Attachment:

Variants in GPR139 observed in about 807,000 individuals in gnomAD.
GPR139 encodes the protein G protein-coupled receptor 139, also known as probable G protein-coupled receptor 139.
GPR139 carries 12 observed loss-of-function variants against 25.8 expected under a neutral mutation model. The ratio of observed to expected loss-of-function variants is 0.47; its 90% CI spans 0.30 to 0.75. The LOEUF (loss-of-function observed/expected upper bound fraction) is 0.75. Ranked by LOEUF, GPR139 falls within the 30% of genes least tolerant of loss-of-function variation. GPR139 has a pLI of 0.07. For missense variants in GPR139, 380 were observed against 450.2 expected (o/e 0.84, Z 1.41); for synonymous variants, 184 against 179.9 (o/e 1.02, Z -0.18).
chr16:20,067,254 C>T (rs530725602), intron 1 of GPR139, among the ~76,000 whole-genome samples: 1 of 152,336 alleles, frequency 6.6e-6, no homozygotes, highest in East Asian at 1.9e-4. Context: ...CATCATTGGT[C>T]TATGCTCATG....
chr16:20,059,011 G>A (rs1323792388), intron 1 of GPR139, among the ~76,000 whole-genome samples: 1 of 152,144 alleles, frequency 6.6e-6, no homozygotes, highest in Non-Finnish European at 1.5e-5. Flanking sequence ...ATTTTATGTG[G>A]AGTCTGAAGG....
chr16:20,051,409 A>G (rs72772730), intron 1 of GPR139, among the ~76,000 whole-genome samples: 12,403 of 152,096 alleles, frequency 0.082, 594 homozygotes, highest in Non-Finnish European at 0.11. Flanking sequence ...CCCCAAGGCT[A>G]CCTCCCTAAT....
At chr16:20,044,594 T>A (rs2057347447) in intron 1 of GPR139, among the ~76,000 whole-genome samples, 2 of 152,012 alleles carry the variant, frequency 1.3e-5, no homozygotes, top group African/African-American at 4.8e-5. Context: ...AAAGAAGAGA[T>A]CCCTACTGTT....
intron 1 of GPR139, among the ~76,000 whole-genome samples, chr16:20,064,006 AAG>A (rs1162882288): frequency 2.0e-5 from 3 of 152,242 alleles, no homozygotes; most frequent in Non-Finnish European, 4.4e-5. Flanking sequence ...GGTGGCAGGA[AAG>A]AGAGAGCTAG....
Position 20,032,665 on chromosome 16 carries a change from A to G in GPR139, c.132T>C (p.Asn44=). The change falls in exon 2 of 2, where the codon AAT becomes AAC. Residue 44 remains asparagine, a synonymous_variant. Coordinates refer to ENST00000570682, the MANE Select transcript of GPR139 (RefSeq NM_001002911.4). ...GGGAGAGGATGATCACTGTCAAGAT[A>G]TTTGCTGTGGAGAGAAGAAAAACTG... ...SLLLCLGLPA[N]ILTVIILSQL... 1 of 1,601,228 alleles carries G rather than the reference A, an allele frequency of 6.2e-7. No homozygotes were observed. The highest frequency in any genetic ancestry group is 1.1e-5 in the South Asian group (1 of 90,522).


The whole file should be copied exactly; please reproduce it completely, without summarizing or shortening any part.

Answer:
Variants in GPR139 observed in about 807,000 individuals in gnomAD.
GPR139 encodes the protein G protein-coupled receptor 139, also known as probable G protein-coupled receptor 139.
GPR139 carries 12 observed loss-of-function variants against 25.8 expected under a neutral mutation model. The ratio of observed to expected loss-of-function variants is 0.47; its 90% CI spans 0.30 to 0.75. The LOEUF (loss-of-function observed/expected upper bound fraction) is 0.75. Ranked by LOEUF, GPR139 falls within the 30% of genes least tolerant of loss-of-function variation. GPR139 has a pLI of 0.07. For missense variants in GPR139, 380 were observed against 450.2 expected (o/e 0.84, Z 1.41); for synonymous variants, 184 against 179.9 (o/e 1.02, Z -0.18).
chr16:20,067,254 C>T (rs530725602), intron 1 of GPR139, among the ~76,000 whole-genome samples: 1 of 152,336 alleles, frequency 6.6e-6, no homozygotes, highest in East Asian at 1.9e-4. Context: ...CATCATTGGT[C>T]TATGCTCATG....
chr16:20,059,011 G>A (rs1323792388), intron 1 of GPR139, among the ~76,000 whole-genome samples: 1 of 152,144 alleles, frequency 6.6e-6, no homozygotes, highest in Non-Finnish European at 1.5e-5. Flanking sequence ...ATTTTATGTG[G>A]AGTCTGAAGG....
chr16:20,051,409 A>G (rs72772730), intron 1 of GPR139, among the ~76,000 whole-genome samples: 12,403 of 152,096 alleles, frequency 0.082, 594 homozygotes, highest in Non-Finnish European at 0.11. Flanking sequence ...CCCCAAGGCT[A>G]CCTCCCTAAT....
At chr16:20,044,594 T>A (rs2057347447) in intron 1 of GPR139, among the ~76,000 whole-genome samples, 2 of 152,012 alleles carry the variant, frequency 1.3e-5, no homozygotes, top group African/African-American at 4.8e-5. Context: ...AAAGAAGAGA[T>A]CCCTACTGTT....
intron 1 of GPR139, among the ~76,000 whole-genome samples, chr16:20,064,006 AAG>A (rs1162882288): frequency 2.0e-5 from 3 of 152,242 alleles, no homozygotes; most frequent in Non-Finnish European, 4.4e-5. Flanking sequence ...GGTGGCAGGA[AAG>A]AGAGAGCTAG....
Position 20,032,665 on chromosome 16 carries a change from A to G in GPR139, c.132T>C (p.Asn44=). The change falls in exon 2 of 2, where the codon AAT becomes AAC. Residue 44 remains asparagine, a synonymous_variant. Coordinates refer to ENST00000570682, the MANE Select transcript of GPR139 (RefSeq NM_001002911.4). ...GGGAGAGGATGATCACTGTCAAGAT[A>G]TTTGCTGTGGAGAGAAGAAAAACTG... ...SLLLCLGLPA[N]ILTVIILSQL... 1 of 1,601,228 alleles carries G rather than the reference A, an allele frequency of 6.2e-7. No homozygotes were observed. The highest frequency in any genetic ancestry group is 1.1e-5 in the South Asian group (1 of 90,522).